WHEN the news of Nicola Sturgeon resigning as First Minister first broke I – like many – was shocked.

It was not something I had expected to happen that day or anytime soon. That shock soon turned into a new feeling: anxiety – on what was to come next and what this change will mean for Scotland’s future.

For me, she was the only leader I had known – not in the personal sense, obviously, but for the time I have lived in Scotland and grew more politically conscious, it was Nicola Sturgeon who has been at the helm of it all.

She wasn’t a leader I, or many of my peers, elected ourselves, but she was a leader we had grown to accept and, in crisis, be thankful for.

Several years of our lives as young adults have been characterised by ‘unprecedented times.’ Brexit, the pandemic, the cost of living crisis, political dramas in Westminster and subsequent changes in leadership. For the eight years she was First Minister, Nicola Sturgeon was somewhat of a constant force – a form of comfort – in what were tumultuous years of change.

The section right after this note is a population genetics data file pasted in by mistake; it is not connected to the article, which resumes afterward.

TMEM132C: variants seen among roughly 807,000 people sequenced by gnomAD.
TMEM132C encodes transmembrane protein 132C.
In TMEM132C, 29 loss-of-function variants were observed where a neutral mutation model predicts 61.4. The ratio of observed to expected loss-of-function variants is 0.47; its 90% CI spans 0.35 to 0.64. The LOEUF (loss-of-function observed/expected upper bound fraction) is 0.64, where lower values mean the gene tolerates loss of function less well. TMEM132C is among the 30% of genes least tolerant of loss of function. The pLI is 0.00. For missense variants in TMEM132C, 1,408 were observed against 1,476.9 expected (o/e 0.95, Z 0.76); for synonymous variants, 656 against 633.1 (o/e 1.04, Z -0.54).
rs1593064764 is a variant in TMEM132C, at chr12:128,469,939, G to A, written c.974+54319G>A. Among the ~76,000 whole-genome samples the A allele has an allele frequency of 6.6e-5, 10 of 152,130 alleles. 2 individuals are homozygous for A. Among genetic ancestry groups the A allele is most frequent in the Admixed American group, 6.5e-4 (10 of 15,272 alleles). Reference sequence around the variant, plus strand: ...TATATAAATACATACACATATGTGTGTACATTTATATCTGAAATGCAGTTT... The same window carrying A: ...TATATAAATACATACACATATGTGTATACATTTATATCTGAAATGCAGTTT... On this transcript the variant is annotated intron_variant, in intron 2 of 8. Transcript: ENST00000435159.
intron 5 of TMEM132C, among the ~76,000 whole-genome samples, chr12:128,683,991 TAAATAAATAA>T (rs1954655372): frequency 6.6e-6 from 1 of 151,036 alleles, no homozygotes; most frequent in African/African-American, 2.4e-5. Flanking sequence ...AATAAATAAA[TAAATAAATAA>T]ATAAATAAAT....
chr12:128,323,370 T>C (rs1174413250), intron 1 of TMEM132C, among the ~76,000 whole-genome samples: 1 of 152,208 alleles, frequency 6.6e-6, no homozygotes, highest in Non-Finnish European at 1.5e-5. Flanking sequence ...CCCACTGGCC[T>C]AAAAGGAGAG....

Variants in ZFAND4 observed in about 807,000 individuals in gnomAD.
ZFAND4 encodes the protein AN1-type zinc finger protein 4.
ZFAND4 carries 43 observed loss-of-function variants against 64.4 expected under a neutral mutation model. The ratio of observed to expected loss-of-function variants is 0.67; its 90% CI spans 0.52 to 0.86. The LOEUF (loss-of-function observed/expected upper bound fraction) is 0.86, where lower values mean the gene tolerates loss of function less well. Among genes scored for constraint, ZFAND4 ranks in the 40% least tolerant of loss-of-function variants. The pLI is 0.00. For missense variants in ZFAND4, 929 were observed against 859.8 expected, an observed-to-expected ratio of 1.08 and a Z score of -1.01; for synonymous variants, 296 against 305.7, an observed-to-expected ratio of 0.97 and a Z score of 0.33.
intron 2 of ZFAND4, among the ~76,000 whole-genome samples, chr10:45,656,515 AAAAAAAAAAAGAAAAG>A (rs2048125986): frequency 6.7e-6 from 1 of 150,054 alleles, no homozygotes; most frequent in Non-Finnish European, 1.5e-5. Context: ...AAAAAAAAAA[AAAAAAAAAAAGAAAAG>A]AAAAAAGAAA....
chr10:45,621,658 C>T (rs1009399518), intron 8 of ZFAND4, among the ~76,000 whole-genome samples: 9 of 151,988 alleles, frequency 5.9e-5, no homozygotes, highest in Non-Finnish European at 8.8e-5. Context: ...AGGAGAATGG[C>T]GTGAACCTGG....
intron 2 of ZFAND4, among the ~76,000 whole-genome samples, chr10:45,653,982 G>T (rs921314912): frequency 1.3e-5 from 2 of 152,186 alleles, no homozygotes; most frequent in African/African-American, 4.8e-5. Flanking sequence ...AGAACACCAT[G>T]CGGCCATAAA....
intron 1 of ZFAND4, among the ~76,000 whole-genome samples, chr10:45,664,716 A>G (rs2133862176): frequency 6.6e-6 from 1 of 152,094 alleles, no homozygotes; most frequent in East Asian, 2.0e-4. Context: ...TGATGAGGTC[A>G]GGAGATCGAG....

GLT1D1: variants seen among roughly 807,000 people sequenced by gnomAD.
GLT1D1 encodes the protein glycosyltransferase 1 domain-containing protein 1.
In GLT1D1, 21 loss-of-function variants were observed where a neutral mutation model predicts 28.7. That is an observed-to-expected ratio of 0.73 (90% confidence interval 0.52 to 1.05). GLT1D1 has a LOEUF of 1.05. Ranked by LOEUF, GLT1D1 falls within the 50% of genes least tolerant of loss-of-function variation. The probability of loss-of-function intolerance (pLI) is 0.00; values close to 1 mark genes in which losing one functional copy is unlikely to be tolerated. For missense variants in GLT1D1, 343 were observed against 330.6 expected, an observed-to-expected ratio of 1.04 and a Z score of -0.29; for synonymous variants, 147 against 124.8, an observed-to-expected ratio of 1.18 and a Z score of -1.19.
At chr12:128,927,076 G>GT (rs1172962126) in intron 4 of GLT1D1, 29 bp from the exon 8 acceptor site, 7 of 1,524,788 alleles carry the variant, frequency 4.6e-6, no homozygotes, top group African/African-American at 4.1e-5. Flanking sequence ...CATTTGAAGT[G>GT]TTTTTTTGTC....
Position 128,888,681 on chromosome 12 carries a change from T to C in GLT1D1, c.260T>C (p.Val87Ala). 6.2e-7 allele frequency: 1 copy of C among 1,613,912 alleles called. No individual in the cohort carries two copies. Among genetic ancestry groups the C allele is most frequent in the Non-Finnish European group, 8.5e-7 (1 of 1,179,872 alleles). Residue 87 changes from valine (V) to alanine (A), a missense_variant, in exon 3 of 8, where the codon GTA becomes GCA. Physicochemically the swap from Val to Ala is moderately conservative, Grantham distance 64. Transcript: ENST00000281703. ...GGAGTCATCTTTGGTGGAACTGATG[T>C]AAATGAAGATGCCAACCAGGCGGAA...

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She was also the head of a government and leader of a party which felt progressive in achieving a fair and equal society. There was a sense of pride living in a progressive Scotland that felt like it listened and prioritised societal changes myself and others found ourselves out in the street or campaigning for – more LGBT education in schools, welcoming refugees, tackling climate change, free period products for all, aims to advance trans rights, a fairer system for those on low incomes.

Maybe such excitement was fuelled because of the political context in the world around us. There has been a rise in right-wing populism, and some events – such as the US Supreme Court decision to overturn Roe vs Wade, putting women’s rights to access abortion into question – have created a sense of déjà vu of discrimination returning to politics.

Of course, a sense of too much comfort – particularly when it comes to addressing societal challenges and solving pressing issues – is contentious. Sturgeon’s and the SNP’s leadership legacy has not come without challenges, such as slow progress on achieving climate targets, continuing attainment gaps, sky-high drug deaths, unmet NHS waiting time targets, or the ferry fiasco and the questions surrounding transparency in SNP funding.